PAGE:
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SCC upholds contribution holidays

|Written By Kelly Harris

In what is being hailed as a pro-employer ruling, administrators of pension plans can take “contribution holidays” as long as the plan’s surplus still allows it to meet its obligations, says the Supreme Court of Canada.

The SCC’s Aug. 7 ruling in Nolan v. Kerry (Canada) Inc. upheld a 2007 Ontario Court of Appeal decision allowing for the contribution holidays. The majority ruled the plan did not have specific language preventing the company from taking a “contribution holiday.”

“The Company’s contributions are determined by actuarial calculations,” wrote Justice Marshall Rothstein for the majority. “Clause 14(b) of the Plan, as amended in 1965, provides for contributions that will cover the members’ future retirement benefits and requires the exercise of actuarial discretion as it does not fix annual contributions.

“The clause therefore does not prevent the Company from taking a contribution holiday where the actuary certifies that no contributions are necessary to provide the required retirement income to members.”

Fasken Martineau DuMoulin LLP partner Peggy McCallum, who acted on behalf of respondent Kerry (Canada) Inc., says the ruling will provide comfort to employers.

“It is a very reassuring judgment for employers,” she says. “They can take a great deal of comfort in terms of the way many or most of them have been administering their plans and have been funding their plans.”

McCallum says the other issue dealt with by the top court was whether plan expenses could be dealt with out of plan surpluses.

In this, the court ruled unless it is specifically not allowed in the plan documents, plan expenses can be paid for out of plan surpluses. However, says McCallum, the court has drawn the line on certain expenses including consulting fees used to design a conversion to another type of plan.

At issue in the case was Kerry’s use of a $1.5 million surplus from its defined benefit plan to satisfy its contribution obligations in respect of both defined benefit and defined contribution components of a pension plan.

Kerry established the defined-benefit plan in 1954. At that time the company was known as the Canadian Doughnut Co. Ltd.

Defined-benefit plans provide workers with regular payouts upon retirement. Under defined-contribution plans, workers contribute to their own fund with no set payouts.

Kerry’s defined-contribution pension plan was established in 2000 and the company began taking “contribution holidays” by using the surplus from the defined-benefit plan to fund both plans. In 2001 a group of plan beneficiaries challenged the practice.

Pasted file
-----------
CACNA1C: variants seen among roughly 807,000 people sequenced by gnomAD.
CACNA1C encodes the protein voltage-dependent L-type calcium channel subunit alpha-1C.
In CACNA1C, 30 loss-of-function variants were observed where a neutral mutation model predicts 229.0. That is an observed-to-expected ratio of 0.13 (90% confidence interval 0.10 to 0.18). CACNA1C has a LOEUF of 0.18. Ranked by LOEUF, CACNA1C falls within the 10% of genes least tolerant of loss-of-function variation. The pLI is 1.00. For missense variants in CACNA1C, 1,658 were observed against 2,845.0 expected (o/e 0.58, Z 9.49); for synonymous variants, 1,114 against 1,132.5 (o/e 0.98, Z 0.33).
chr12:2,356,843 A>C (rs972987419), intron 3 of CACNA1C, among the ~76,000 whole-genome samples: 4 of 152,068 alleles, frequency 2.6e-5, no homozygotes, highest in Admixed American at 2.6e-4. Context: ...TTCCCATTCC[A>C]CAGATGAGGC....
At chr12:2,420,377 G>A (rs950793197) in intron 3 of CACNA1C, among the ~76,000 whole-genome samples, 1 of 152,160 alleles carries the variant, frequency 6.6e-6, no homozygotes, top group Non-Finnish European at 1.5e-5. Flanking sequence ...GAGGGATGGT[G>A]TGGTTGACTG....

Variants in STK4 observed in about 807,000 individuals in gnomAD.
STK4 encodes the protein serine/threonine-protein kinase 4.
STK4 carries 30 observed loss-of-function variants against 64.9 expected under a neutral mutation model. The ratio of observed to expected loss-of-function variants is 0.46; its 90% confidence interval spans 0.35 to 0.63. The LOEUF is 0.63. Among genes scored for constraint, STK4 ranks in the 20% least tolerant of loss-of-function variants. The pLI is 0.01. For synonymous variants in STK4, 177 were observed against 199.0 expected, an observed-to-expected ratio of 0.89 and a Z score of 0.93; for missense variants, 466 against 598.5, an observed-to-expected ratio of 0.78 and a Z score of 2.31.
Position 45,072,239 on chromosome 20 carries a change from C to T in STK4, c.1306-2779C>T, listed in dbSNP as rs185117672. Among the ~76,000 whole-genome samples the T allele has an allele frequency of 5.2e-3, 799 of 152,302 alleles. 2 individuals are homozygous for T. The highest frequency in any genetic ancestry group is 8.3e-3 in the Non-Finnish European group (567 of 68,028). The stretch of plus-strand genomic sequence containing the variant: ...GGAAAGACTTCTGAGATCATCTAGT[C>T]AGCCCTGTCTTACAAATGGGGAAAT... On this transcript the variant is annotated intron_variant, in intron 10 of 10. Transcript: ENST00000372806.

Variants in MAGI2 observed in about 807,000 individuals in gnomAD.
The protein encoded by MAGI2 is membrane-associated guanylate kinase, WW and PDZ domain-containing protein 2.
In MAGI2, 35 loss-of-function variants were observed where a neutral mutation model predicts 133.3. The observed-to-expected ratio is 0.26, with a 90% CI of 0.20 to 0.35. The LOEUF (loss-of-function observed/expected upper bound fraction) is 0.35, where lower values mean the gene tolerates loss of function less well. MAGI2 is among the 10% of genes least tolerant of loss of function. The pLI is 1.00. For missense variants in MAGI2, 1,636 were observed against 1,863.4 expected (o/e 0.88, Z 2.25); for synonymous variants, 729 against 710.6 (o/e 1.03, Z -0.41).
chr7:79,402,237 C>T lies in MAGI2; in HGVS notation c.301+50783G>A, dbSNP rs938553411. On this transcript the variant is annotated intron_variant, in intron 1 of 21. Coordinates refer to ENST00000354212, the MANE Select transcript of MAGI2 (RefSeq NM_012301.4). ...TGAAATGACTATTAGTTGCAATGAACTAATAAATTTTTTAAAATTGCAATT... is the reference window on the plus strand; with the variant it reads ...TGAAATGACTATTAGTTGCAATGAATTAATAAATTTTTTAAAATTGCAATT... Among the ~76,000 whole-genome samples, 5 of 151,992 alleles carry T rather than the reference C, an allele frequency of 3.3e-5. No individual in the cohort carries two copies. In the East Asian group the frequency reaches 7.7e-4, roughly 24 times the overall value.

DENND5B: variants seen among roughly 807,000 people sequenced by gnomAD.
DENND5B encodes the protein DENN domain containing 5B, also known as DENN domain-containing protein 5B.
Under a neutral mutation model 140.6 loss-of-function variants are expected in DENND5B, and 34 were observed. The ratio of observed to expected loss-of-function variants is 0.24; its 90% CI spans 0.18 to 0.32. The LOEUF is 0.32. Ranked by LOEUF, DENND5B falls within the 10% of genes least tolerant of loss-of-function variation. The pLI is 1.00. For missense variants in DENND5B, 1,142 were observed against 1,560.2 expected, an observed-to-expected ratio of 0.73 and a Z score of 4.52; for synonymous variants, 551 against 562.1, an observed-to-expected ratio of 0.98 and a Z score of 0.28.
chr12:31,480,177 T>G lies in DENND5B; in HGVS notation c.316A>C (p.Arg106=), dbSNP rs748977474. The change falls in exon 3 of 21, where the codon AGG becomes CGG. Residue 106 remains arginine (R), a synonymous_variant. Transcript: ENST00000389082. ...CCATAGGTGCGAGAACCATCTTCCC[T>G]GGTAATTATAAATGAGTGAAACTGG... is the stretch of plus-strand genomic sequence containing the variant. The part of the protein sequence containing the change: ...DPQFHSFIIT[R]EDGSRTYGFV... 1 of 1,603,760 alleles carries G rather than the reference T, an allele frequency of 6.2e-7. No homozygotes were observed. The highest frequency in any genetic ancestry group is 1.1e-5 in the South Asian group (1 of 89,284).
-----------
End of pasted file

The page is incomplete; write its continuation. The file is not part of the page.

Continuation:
They asked Ontario’s Superintendent of Financial Services to investigate the company’s payment of plan expenses from the fund and its contribution holidays.

According to the Supreme Court’s ruling, the Financial Services Tribunal “did recognize that the plan documents as amended in 2000 did not permit DC contribution holidays. However, it held the company could retroactively amend the plan provisions to designate the DC members as beneficiaries of the fund, thereby allowing the Company to fund its DC contributions from the DB surplus."

In the dissenting opinion, Justice Louis LeBel wrote the outcome of the case would affect millions of Canadians. He disagreed the plans would be mutually inclusive, saying the defined-contribution plan members had no right to the surplus from the defined-benefit plan.

He further wrote that an amendment created to approve the funding, and approved by the Financial Services Tribunal, should not have been allowed.

“The employees in the DC plan, DC members are not beneficiaries of the DB trust and any amendment that would purport to designate them as such would contravene these same provisions and principles. As a result, the decision of the Financial Services Tribunal (the “Tribunal”) that approved such an amendment was unreasonable and must be quashed,” wrote LeBel.

Appellant lawyer Ari Kaplan, a partner with Koskie Minsky LLP, says the decision will “accelerate the shift from defined-benefit to defined-contribution pension plans.” He characterized defined-contribution plans as basically RRSPs with no risk to employers.

While he says companies may see the shift as a way to control the bottom line, they may do so at the risk of employee loyalty, and could hamper recruitment efforts.

He says with increased numbers of younger employees concerned about their retirement savings, the practice that he characterizes as “raiding pension plans” could prove detrimental.

“That is not the kind of message you want to send when attracting employees,” he says.

Jeff Galway, a partner with Blake Cassels & Graydon LLP, acted on behalf of the Association of Canadian Pension Management, which had intervener status in the case. He says the ruling reinforces practices that are already occurring.

“Many companies have been adding DC components and have been taking contribution holidays in connection with the surpluses that is in its fund and this is a big issue for many of its members,” he says.

“And so what this decision does is confirm that employers can add a DC component and take contribution holidays with respect to defined-contribution members’ obligations so this is quite an important ruling on that point.”

Jordan Fremont, a partner with the employment law firm Hicks Morley Hamilton Stewart Storie LLP, agrees the ruling is important for employers, mainly because it didn’t go the other way, forcing them to reverse ”contribution holiday” practices.

“Most employers and other sponsors of pension plans let out a sigh of relief today,” he says. “The decision upholds what I feel is a sensible and practical, pragmatic decision from the Ontario Court of Appeal. So I think it’s particularly of interest and helpful to businesses in this current economic time.”